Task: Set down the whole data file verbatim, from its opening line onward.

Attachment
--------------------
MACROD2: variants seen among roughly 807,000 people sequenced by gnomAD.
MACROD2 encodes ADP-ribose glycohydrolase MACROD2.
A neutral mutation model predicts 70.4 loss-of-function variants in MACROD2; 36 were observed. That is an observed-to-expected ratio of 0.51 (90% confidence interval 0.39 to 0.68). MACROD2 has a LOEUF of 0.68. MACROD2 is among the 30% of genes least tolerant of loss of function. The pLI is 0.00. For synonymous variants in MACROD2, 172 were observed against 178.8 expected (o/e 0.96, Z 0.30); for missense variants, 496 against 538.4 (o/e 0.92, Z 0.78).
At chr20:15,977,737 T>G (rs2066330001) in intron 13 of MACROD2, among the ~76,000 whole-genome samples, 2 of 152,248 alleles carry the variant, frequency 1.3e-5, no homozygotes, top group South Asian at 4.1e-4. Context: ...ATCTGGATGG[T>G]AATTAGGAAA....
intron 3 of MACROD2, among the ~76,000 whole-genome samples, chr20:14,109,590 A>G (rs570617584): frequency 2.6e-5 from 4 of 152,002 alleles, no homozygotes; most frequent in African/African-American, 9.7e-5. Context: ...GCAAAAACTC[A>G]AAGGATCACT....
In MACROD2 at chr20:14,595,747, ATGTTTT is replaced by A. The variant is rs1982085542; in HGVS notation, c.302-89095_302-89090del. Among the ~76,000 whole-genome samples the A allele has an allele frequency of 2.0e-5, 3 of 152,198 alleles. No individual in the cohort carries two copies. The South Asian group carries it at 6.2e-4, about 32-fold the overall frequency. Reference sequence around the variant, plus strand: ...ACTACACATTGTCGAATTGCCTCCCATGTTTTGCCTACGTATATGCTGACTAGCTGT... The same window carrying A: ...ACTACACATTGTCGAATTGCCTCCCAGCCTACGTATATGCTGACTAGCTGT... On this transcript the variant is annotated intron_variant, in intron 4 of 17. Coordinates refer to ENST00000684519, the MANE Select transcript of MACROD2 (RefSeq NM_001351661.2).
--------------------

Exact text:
MACROD2: variants seen among roughly 807,000 people sequenced by gnomAD.
MACROD2 encodes ADP-ribose glycohydrolase MACROD2.
A neutral mutation model predicts 70.4 loss-of-function variants in MACROD2; 36 were observed. That is an observed-to-expected ratio of 0.51 (90% confidence interval 0.39 to 0.68). MACROD2 has a LOEUF of 0.68. MACROD2 is among the 30% of genes least tolerant of loss of function. The pLI is 0.00. For synonymous variants in MACROD2, 172 were observed against 178.8 expected (o/e 0.96, Z 0.30); for missense variants, 496 against 538.4 (o/e 0.92, Z 0.78).
At chr20:15,977,737 T>G (rs2066330001) in intron 13 of MACROD2, among the ~76,000 whole-genome samples, 2 of 152,248 alleles carry the variant, frequency 1.3e-5, no homozygotes, top group South Asian at 4.1e-4. Context: ...ATCTGGATGG[T>G]AATTAGGAAA....
intron 3 of MACROD2, among the ~76,000 whole-genome samples, chr20:14,109,590 A>G (rs570617584): frequency 2.6e-5 from 4 of 152,002 alleles, no homozygotes; most frequent in African/African-American, 9.7e-5. Context: ...GCAAAAACTC[A>G]AAGGATCACT....
In MACROD2 at chr20:14,595,747, ATGTTTT is replaced by A. The variant is rs1982085542; in HGVS notation, c.302-89095_302-89090del. Among the ~76,000 whole-genome samples the A allele has an allele frequency of 2.0e-5, 3 of 152,198 alleles. No individual in the cohort carries two copies. The South Asian group carries it at 6.2e-4, about 32-fold the overall frequency. Reference sequence around the variant, plus strand: ...ACTACACATTGTCGAATTGCCTCCCATGTTTTGCCTACGTATATGCTGACTAGCTGT... The same window carrying A: ...ACTACACATTGTCGAATTGCCTCCCAGCCTACGTATATGCTGACTAGCTGT... On this transcript the variant is annotated intron_variant, in intron 4 of 17. Coordinates refer to ENST00000684519, the MANE Select transcript of MACROD2 (RefSeq NM_001351661.2).